‘I received a voice mail via my cell phone that informed me they were actually letting me go’
I had been working for Huntington Learning Center from April 2007 to May 2009 when they had finally decided to let me go due to the economic downturn. Once the Great Recession hit in 2007, more and more people had been forgoing tutoring for the children. Some parents even trying to do it themselves at home. I never saw being let go coming. I simply showed up less and less on the work schedule. Then, after 2 weeks of not appearing at all, I received a voice mail via my cell phone that informed me they were actually letting me go. (Whatever happened to telling someone to their face?) Since I drove the longest (17 miles, a half hour) to work, they decided to spare me the continued drive of little to no work. (I thought their decision to let me go was weird because they, at the same time, brought 2 new people aboard.)
After they let me go, I went on unemployment. My UI benefits ran out a year ago (June 2010).
I’ve tried shifting gears by taking some ECE (early childhood education) courses at my local CC (community college) and joining NAEYC (National Association For The Education of Young Children). However, I found daycare/childcare to be a lot like tutoring. Once the Great Recession hit, parents began sending their kids part-time instead of full-time and parents who sent their kids part-time took them out altogether only to do it themselves or ask a friend or family member to do it.
I then switched over to using my past lab experience from the biology and chemistry prep labs at the CC when I worked for Sharon. Despite the fact the fact it was well in my past, I felt I could still capitalize on it and get hired doing something simple like cleaning glassware or processing specimens, but I’m finding out that’s not really the case. Tried approaching several staffing agencies and have had zero luck. Many of them told me, “Oh yeah, we see these kinda of jobs come across our desk all the time.” Guess I’m hitting them up at the wrong time because they’re sure not coming across their desks now, when I MOST need a job.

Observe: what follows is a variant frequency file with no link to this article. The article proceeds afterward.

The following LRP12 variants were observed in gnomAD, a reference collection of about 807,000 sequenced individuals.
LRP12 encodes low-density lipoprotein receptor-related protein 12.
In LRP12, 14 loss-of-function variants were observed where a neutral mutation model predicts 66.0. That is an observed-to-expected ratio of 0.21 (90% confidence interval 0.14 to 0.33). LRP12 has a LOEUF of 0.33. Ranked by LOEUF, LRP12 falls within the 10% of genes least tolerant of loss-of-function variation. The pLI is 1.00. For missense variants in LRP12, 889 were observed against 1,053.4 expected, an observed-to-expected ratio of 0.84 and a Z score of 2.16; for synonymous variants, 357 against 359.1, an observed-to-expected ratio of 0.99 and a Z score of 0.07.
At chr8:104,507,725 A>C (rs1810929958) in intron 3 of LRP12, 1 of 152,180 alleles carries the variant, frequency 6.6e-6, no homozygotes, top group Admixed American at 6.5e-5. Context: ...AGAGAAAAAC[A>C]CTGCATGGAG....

Being out of work like this for so long has consequences. I have bills to pay like everyone else: monthly car payment, car insurance, credit card consolidation, cell phone. I’ve actually had to have my mom help support me and pay my bills for me, which has been extremely hard on her, as she has her own bills to pay. Juggling my bills and her bills isn’t easy yet we do it so I don’t go into financial ruin, which would then make it absolutely impossible for me to find a job.
I think being out of work for long periods of time is definitely detrimental. I have been asked by employers what I was doing “in that period of time.” They then follow that with “Anything, anything at all?” It’s like some people just can’t or won’t comprehend the extreme scope of things. They want to act like everything is alright for some odd reason.
UI benefits were extremely helpful in keeping me afloat. Unfortunately, after a year, I exhausted them. Since then, I was able to find work at a daycare/childcare center, but after a month, for reasons unknown, she let me go. Fast forward a few months. I picked up a specimen processing job at a local diagnostics company and they too, after about a month let me go (apparently I wasn’t fast enough for the guy and he was expecting 30,000+ specimens in the weeks ahead and couldn’t have someone around who processed a card at a minute or two a card.) I’ve tried to get back on UI benefits, but every time I fill the online application out and hit submit, it tells me I exhausted my benefits. Been off a year now, let go twice, and I can’t reply. Not fair. Not right.